If you have a shifter, changeling, kalashtar or warforged player character (or nonplayer character, for that matter), Races of Eberron can be a helpful resource for you! New options and rules abound in this rules supplement for both the D&D game and Eberron setting. (Note: Enterprising DMs definitely can use this book in any setting if they choose. You won't need the Eberron Campaign Setting book!) Our sneak peek of this book includes a look at warforged, shifters, changelings, kalashtar, drow, sample feats, and a couple of prestige classes.
Other Races: Drow
"Every secret you have discovered about my homeland hides a thousand more."
-- Parik Xiv'inn, drow scorpion wraith
The drow carve a deadly existence out of the ruined continent of Xen'drik. The dark-skinned elves believe it is they, not the rebels who fled to Aerenal, who truly preserve the dignity and valor of the elf race. Allied with monstrous scorpions, the drow battle the fallen race of giants over the ruins of the mysterious continent.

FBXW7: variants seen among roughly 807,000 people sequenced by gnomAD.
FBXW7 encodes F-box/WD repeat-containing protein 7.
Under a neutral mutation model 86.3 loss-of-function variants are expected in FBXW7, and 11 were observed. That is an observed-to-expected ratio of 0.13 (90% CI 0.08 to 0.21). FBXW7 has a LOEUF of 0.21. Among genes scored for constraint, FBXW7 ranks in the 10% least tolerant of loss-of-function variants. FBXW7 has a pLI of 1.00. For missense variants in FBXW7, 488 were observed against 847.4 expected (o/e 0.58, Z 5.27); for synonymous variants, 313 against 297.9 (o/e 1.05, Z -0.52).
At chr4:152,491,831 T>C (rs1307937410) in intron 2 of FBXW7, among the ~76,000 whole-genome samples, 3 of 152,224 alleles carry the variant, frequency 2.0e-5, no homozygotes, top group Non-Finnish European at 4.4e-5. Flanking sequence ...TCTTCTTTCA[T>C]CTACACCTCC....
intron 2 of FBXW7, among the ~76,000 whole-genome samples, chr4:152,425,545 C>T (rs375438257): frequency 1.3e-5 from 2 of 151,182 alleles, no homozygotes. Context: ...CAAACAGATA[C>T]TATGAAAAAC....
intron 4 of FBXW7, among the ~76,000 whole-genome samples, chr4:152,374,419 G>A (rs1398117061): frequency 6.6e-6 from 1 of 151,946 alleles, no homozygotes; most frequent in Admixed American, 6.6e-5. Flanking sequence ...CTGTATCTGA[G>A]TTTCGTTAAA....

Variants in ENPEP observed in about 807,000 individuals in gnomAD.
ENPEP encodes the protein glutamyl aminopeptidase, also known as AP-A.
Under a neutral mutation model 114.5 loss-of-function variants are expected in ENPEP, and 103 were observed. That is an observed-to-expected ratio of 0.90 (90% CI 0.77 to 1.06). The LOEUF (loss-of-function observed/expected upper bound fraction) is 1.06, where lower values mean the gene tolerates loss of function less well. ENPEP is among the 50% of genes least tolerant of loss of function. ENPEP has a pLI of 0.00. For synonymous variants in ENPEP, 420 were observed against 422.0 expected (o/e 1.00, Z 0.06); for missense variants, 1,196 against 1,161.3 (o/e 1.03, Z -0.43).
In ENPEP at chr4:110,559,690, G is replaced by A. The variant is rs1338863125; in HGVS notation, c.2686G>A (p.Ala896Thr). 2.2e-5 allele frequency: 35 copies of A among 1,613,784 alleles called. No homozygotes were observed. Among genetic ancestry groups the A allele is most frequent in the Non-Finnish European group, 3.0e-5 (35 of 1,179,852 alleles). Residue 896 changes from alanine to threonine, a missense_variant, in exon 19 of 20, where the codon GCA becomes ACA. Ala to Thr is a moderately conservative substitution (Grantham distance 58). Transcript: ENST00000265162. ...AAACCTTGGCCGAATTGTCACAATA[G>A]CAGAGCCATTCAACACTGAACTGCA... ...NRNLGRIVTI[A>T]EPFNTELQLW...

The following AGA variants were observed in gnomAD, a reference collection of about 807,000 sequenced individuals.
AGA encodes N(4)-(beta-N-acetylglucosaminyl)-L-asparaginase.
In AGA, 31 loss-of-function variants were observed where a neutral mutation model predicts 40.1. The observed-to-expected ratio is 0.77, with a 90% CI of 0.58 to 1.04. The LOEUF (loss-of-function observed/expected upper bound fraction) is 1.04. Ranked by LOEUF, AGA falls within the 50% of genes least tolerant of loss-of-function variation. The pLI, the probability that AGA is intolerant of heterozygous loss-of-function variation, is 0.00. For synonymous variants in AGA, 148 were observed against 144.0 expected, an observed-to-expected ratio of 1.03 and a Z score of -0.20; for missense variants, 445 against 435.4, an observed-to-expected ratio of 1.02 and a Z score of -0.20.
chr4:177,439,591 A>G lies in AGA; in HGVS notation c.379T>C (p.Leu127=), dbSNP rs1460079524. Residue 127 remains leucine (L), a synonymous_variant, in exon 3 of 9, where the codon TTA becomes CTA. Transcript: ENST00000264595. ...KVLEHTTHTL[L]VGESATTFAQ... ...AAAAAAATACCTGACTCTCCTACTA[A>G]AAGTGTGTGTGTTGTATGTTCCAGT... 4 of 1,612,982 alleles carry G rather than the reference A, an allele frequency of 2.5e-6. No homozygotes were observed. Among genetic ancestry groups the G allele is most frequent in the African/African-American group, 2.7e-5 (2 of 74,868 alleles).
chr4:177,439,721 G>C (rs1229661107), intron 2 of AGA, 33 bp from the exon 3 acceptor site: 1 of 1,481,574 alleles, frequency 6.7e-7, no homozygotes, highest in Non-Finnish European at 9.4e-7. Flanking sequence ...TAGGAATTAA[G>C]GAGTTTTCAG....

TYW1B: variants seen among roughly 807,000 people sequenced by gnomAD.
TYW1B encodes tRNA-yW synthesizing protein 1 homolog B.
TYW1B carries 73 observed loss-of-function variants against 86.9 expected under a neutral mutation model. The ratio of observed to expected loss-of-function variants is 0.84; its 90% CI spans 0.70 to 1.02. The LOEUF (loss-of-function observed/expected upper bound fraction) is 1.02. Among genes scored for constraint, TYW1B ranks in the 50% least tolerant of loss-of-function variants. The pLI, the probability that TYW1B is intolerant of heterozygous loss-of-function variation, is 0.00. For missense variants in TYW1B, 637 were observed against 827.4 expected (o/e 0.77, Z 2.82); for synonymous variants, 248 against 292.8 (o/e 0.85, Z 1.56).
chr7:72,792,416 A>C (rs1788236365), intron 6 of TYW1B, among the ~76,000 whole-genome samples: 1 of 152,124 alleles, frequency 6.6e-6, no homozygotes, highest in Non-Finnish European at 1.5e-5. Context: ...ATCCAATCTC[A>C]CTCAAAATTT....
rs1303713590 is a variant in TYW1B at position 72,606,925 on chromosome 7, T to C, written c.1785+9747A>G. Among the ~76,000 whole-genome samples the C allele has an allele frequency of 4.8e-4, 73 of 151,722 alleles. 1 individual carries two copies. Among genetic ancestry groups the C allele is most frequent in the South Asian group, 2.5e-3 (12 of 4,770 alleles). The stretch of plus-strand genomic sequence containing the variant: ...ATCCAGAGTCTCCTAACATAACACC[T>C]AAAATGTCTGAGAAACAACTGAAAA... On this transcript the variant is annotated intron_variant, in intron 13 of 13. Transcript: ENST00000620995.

As the most civilized inhabitants of ruined Xen'drik, the drow are the heirs to both the lingering might of giant nations and the ancient elven spellcraft once learned at the feet of dragons. The homeland of the drow is a contradiction of sorts -- an ancient ruin that nonetheless holds magical treasures of almost unimaginable might. As Siberys shards fall on the broken landscapes and jungles, explorers from other continents brave sahuagin-filled waters to crowd the port city of Stormreach.